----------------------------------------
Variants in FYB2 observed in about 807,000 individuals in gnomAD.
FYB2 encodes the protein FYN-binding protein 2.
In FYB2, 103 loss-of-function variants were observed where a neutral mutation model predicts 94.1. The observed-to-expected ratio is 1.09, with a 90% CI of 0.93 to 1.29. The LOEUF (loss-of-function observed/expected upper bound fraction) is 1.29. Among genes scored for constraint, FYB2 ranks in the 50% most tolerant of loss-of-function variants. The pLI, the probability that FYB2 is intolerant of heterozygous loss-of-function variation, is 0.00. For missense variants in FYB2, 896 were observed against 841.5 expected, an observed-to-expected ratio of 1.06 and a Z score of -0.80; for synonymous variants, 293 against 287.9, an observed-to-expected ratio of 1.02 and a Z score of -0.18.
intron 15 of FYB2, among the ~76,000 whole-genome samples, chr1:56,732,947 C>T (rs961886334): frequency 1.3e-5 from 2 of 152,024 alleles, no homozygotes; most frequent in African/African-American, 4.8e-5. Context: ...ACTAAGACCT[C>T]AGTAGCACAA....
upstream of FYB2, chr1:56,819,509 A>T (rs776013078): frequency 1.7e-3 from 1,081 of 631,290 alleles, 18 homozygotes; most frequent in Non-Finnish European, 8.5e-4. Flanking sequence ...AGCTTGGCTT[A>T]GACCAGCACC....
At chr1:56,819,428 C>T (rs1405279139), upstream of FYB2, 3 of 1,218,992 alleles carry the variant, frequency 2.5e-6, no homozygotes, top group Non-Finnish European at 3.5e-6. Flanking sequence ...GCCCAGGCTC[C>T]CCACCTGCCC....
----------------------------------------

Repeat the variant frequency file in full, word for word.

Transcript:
Variants in FYB2 observed in about 807,000 individuals in gnomAD.
FYB2 encodes the protein FYN-binding protein 2.
In FYB2, 103 loss-of-function variants were observed where a neutral mutation model predicts 94.1. The observed-to-expected ratio is 1.09, with a 90% CI of 0.93 to 1.29. The LOEUF (loss-of-function observed/expected upper bound fraction) is 1.29. Among genes scored for constraint, FYB2 ranks in the 50% most tolerant of loss-of-function variants. The pLI, the probability that FYB2 is intolerant of heterozygous loss-of-function variation, is 0.00. For missense variants in FYB2, 896 were observed against 841.5 expected, an observed-to-expected ratio of 1.06 and a Z score of -0.80; for synonymous variants, 293 against 287.9, an observed-to-expected ratio of 1.02 and a Z score of -0.18.
intron 15 of FYB2, among the ~76,000 whole-genome samples, chr1:56,732,947 C>T (rs961886334): frequency 1.3e-5 from 2 of 152,024 alleles, no homozygotes; most frequent in African/African-American, 4.8e-5. Context: ...ACTAAGACCT[C>T]AGTAGCACAA....
upstream of FYB2, chr1:56,819,509 A>T (rs776013078): frequency 1.7e-3 from 1,081 of 631,290 alleles, 18 homozygotes; most frequent in Non-Finnish European, 8.5e-4. Flanking sequence ...AGCTTGGCTT[A>T]GACCAGCACC....
At chr1:56,819,428 C>T (rs1405279139), upstream of FYB2, 3 of 1,218,992 alleles carry the variant, frequency 2.5e-6, no homozygotes, top group Non-Finnish European at 3.5e-6. Flanking sequence ...GCCCAGGCTC[C>T]CCACCTGCCC....